The resort : There is a well-developed slope-side village with plenty of accommodation and a few shops, restaurants and bars. Lots of activity immediately after the lifts shut but I was informed that it goes dead later in the evenings.
We stayed in Whitefish town. A typical touristy American town with a very attractive main street. Lots of character. Plenty of bars and restaurants and a brewery which provides free samples of its products.
There is a regular free bus that links the town and the resort.
Food: For lunch we ate in either the Summit Hut which is a big self-service restaurant serving the usual burgers, salads, nachos, chilli, baked potatoes, burritos, etc. Or in The Chalet just above the base which is table service but similar stuff. Both were very good.
In the evenings in Whitefish we ate in:
Great Northern Bar - burgers, cheap but not Great
Mackenzie Pizza Company - decent pizzas.
There are also plenty of more upmarket (and expensive) restaurants.
At the end of each day we went for a beer in the Bierstube which was always busy.
Later in the evenings there were lots of good and well-populated bars which remained lively until the early hours. The most popular appeared to be the Great Northern which sometimes had live music. The local brewery means that there is a wide range of beers to try.
Accommodation : We stayed in the Pine Lodge which is a comfortable albeit characterless hotel 10 minutes on foot from the town centre. $85 per night for a room that sleeps two in two big double beds, plus a third can be squeezed in although I wouldn't recommended this as the extra rollaway bed is small and springy.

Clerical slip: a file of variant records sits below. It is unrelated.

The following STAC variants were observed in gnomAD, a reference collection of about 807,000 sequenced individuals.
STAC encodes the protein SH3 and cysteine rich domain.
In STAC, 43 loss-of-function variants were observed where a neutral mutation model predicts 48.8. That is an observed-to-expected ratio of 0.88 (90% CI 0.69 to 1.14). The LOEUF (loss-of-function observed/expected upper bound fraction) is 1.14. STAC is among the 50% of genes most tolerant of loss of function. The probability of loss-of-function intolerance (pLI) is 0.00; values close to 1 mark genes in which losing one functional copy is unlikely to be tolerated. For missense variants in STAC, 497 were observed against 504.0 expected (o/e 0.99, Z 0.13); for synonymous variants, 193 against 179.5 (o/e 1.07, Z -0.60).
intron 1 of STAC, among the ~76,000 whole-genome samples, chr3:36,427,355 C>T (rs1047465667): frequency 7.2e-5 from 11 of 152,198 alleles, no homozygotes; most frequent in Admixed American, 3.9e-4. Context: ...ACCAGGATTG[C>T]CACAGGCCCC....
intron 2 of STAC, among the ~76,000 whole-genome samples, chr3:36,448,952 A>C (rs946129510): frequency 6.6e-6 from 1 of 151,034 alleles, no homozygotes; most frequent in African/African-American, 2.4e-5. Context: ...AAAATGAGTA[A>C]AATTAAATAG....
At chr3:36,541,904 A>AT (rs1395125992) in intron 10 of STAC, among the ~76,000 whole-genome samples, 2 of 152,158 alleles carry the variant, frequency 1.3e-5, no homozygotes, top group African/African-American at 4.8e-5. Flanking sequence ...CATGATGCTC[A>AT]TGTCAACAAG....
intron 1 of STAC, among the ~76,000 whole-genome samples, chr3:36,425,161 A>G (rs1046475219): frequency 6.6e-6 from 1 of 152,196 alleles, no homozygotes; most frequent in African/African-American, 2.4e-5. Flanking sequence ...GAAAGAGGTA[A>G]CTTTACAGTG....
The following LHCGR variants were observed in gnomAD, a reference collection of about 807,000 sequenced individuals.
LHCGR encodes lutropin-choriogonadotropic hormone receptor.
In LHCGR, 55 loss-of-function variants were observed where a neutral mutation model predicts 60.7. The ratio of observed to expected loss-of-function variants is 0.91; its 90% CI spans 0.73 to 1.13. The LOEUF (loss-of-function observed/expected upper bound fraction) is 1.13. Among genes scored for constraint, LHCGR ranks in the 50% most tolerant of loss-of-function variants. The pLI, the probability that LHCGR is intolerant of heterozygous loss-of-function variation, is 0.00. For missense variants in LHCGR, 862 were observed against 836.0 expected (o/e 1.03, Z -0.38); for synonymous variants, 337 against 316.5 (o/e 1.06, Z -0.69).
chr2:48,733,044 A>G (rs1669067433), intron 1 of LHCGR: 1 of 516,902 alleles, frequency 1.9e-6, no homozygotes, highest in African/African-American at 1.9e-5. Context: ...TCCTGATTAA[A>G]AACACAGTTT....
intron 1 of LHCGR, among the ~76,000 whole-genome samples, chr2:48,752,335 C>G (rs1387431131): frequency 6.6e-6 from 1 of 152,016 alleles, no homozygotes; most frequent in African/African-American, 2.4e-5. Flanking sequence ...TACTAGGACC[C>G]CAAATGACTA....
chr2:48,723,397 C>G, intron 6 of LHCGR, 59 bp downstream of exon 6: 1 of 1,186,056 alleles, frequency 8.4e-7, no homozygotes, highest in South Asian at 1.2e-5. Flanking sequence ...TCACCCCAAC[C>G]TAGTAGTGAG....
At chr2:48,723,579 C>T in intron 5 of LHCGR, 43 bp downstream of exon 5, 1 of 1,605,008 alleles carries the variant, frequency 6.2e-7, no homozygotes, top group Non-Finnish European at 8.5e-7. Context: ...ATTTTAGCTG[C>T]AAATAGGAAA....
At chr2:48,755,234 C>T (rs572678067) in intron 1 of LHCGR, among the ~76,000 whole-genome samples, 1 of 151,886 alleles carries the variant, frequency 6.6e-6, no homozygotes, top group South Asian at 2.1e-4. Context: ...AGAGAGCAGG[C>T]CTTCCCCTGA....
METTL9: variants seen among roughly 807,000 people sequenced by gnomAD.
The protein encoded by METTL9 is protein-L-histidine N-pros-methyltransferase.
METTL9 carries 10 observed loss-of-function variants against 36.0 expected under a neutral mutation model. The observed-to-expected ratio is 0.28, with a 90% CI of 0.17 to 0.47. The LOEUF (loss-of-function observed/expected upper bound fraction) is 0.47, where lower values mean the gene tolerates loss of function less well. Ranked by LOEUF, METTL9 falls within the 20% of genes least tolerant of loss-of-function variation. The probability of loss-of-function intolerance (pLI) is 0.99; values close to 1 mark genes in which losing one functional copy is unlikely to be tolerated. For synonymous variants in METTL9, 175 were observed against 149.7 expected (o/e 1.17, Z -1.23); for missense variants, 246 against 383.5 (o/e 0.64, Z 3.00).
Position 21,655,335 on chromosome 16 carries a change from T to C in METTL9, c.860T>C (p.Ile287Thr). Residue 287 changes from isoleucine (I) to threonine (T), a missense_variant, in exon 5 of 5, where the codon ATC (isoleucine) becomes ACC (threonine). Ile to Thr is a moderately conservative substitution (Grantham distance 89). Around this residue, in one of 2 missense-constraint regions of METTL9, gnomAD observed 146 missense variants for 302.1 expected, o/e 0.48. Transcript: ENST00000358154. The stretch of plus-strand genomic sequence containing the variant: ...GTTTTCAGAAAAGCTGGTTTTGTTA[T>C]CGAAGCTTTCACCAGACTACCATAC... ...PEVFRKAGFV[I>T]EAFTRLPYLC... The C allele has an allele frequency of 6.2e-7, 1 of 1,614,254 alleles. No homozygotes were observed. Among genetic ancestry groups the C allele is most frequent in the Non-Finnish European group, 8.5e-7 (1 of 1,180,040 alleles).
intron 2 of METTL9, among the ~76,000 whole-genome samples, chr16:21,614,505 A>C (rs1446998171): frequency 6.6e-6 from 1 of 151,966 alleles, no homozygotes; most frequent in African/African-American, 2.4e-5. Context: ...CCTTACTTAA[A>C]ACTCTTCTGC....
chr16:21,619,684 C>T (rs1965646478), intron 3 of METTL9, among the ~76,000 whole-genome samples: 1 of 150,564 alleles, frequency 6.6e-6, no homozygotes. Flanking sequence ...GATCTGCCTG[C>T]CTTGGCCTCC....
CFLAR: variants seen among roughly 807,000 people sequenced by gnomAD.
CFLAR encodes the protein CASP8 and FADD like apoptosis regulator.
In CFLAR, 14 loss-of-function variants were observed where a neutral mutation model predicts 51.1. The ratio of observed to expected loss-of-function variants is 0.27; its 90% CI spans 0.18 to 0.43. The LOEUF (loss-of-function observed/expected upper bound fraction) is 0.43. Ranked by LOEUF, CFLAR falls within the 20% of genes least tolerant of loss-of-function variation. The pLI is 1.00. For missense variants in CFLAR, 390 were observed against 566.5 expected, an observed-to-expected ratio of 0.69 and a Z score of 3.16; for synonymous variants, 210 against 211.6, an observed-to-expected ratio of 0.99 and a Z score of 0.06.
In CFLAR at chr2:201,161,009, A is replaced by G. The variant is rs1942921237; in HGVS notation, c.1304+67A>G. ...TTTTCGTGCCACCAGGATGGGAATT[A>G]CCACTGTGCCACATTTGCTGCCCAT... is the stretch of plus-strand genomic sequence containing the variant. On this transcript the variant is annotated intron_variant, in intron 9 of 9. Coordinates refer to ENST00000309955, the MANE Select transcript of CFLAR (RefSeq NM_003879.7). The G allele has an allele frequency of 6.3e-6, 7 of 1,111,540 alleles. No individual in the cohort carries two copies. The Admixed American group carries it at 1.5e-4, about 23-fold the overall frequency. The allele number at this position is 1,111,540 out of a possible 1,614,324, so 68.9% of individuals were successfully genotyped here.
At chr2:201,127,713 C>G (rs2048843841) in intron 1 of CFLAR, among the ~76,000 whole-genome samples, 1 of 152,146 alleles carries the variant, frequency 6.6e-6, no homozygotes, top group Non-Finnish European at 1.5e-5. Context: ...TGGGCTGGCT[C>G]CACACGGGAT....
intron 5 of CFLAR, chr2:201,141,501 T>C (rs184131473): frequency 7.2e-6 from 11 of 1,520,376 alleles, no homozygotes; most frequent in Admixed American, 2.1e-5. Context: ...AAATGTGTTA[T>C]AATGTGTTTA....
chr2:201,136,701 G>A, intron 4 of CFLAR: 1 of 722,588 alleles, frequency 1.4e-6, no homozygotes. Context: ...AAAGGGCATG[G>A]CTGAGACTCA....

The rate includes breakfast. (cereal, pastries, coffee, fruit juice, bananas/apples)
There is a small not-very-warm swimming pool.
The hotel offers a free shuttle service to/from Kalispell airport between 5am and midnight. So if you arrive on the 11.45pm from Seattle make sure you phone the hotel straight away or you risk being stranded at the airport. I couldn't see any taxis when I arrived. There is a free direct line phone from the airport to all local hotels.
Costs: Probably the best value resort I have ever visited, helped by the weak dollar. Futhermore prices on the hill were no more expensive that those in town. Lift pass = $56/day dropping to $51/day if purchased for 3 consecutive days or more. Pint = $3. Lunch including a drink = $10. Dinner including beer = $15-20. Hotel = <$30pppn if 3 sleep in one room.
Conclusion: Big varied area, 4 days wasn't enough to explore it all, superb snow, excellent lift system, no crowds, cheap. I would visit again.
Whitefish Resort Report Feedback Thread and pics
Last edited by A snowHead on Sat 9-02-08 20:49; edited 3 times in total